Archived - About Indigenous and Northern Affairs Canada
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Working together to make Canada a better place for Indigenous and northern peoples and communities.
Indigenous and Northern Affairs Canada (INAC) supports Indigenous peoples (First Nations, Inuit and Métis) and northern peoples in their efforts to:
- improve social well-being and economic prosperity
- develop healthier, more sustainable communities
- participate more fully in Canada's political, social and economic development — to the benefit of all Canadians
INAC is one of 34 federal government departments responsible for meeting the Government of Canada's obligations and commitments to First Nations, Inuit and Métis, and for fulfilling the federal government's constitutional responsibilities in the North. INAC's responsibilities are largely determined by numerous statutes, negotiated agreements and relevant legal decisions. Most of INAC's programs and spending are delivered through partnerships with Indigenous communities and federal-provincial or federal-territorial agreements. INAC also works with urban Indigenous peoples, Métis and Non-Status Indians (many of whom live in rural areas).
INAC's mandate is derived from a number of sources including:
- Canadian Constitution
- Department of Indian Affairs and Northern Development Act
- Indian Act, as amended over the years
- statutes dealing with environmental and resource management such as the Nunavut Planning and Project Assessment Act (2013)
- other statutes such as the Northwest Territories Devolution Act (2014)
INAC is also mandated to work with First Nations to implement legislation designed to provide them with jurisdictional powers outside of the Indian Act. INAC's mandate is further defined by specific statutes enabling modern treaties and self-government agreements and implementation of those agreements. Learn more about these Laws and regulations.
INAC negotiates comprehensive and specific claims as well as self-government agreements on behalf of the Government of Canada. INAC is responsible for implementing its obligations under these agreements and processes, as well as overseeing the implementation of obligations of other government departments flowing from these agreements. INAC also:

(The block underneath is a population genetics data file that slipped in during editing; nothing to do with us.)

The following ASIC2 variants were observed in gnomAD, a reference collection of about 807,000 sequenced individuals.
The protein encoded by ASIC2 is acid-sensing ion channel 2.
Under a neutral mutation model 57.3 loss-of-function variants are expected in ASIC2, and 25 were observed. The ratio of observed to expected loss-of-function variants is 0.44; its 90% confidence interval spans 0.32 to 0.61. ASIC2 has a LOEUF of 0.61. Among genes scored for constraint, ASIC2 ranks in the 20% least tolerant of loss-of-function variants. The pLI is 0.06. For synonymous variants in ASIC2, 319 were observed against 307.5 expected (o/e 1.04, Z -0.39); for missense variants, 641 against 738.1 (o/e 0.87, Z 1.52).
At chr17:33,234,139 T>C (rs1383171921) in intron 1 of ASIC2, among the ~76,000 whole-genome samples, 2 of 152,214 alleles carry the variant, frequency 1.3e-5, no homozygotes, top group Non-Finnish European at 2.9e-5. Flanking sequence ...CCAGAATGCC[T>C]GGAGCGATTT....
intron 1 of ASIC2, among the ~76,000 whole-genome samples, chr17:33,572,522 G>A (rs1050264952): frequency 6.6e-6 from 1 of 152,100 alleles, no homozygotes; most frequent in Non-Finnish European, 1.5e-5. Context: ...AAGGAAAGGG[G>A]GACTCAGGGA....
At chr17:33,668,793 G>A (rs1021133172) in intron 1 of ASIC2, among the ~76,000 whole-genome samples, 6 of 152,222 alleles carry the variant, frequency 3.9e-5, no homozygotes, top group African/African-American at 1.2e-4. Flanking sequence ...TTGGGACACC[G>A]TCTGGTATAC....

- provides support for services on reserves such as education, housing, community infrastructure and social support to Status Indians on reserves
- administers the land management component of the Indian Act
- executes other regulatory duties under the Indian Act.
The Minister of Indigenous and Northern Affairs acts as the Government of Canada's primary interlocutor for Métis, Non-Status Indians and urban Indigenous peoples. INAC also serves as a focal point for Inuit issues, which supports the inclusion of Inuit-specific concerns in federal program and policy development.
Through its Northern Affairs mandate, INAC is the lead federal department for two-fifths of Canada's landmass, with a direct role in the political and economic development of the territories and significant responsibilities for science, land and environmental management. In the North, the territorial governments generally provide the majority of social programs and services to all Northerners, including Indigenous peoples.
The Canadian High Arctic Research Station Act, which came into force on June 1, 2015, established Polar Knowledge Canada as a new federal research organization. This new organization combines the mandate and functions previously held by the Canadian Polar Commission and the Canadian High Arctic Research Station's Science and Technology Program, which was formerly led by INAC. The organization is responsible for advancing Canada's knowledge of the Arctic and strengthening Canadian leadership in polar science and technology.